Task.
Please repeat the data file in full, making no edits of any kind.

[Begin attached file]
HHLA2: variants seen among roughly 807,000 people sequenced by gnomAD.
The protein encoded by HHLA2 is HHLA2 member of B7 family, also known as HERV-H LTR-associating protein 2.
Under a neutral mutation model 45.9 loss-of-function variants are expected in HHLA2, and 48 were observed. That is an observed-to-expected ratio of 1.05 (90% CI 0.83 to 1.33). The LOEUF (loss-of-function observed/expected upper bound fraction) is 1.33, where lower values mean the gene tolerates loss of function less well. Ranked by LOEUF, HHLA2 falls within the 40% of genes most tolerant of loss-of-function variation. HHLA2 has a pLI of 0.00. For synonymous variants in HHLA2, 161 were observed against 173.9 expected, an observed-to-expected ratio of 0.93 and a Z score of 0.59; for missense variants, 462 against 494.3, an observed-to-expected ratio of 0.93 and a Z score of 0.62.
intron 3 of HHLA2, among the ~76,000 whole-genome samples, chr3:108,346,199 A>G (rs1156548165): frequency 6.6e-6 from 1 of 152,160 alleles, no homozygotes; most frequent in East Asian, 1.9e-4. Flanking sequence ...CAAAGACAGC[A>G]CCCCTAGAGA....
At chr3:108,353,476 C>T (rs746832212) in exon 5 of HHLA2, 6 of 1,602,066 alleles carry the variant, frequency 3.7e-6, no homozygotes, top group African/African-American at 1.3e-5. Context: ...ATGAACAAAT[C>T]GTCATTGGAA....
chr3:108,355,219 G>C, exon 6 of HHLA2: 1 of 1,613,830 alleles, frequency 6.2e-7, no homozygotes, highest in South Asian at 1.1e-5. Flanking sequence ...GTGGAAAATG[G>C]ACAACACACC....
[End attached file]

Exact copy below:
HHLA2: variants seen among roughly 807,000 people sequenced by gnomAD.
The protein encoded by HHLA2 is HHLA2 member of B7 family, also known as HERV-H LTR-associating protein 2.
Under a neutral mutation model 45.9 loss-of-function variants are expected in HHLA2, and 48 were observed. That is an observed-to-expected ratio of 1.05 (90% CI 0.83 to 1.33). The LOEUF (loss-of-function observed/expected upper bound fraction) is 1.33, where lower values mean the gene tolerates loss of function less well. Ranked by LOEUF, HHLA2 falls within the 40% of genes most tolerant of loss-of-function variation. HHLA2 has a pLI of 0.00. For synonymous variants in HHLA2, 161 were observed against 173.9 expected, an observed-to-expected ratio of 0.93 and a Z score of 0.59; for missense variants, 462 against 494.3, an observed-to-expected ratio of 0.93 and a Z score of 0.62.
intron 3 of HHLA2, among the ~76,000 whole-genome samples, chr3:108,346,199 A>G (rs1156548165): frequency 6.6e-6 from 1 of 152,160 alleles, no homozygotes; most frequent in East Asian, 1.9e-4. Flanking sequence ...CAAAGACAGC[A>G]CCCCTAGAGA....
At chr3:108,353,476 C>T (rs746832212) in exon 5 of HHLA2, 6 of 1,602,066 alleles carry the variant, frequency 3.7e-6, no homozygotes, top group African/African-American at 1.3e-5. Context: ...ATGAACAAAT[C>T]GTCATTGGAA....
chr3:108,355,219 G>C, exon 6 of HHLA2: 1 of 1,613,830 alleles, frequency 6.2e-7, no homozygotes, highest in South Asian at 1.1e-5. Flanking sequence ...GTGGAAAATG[G>C]ACAACACACC....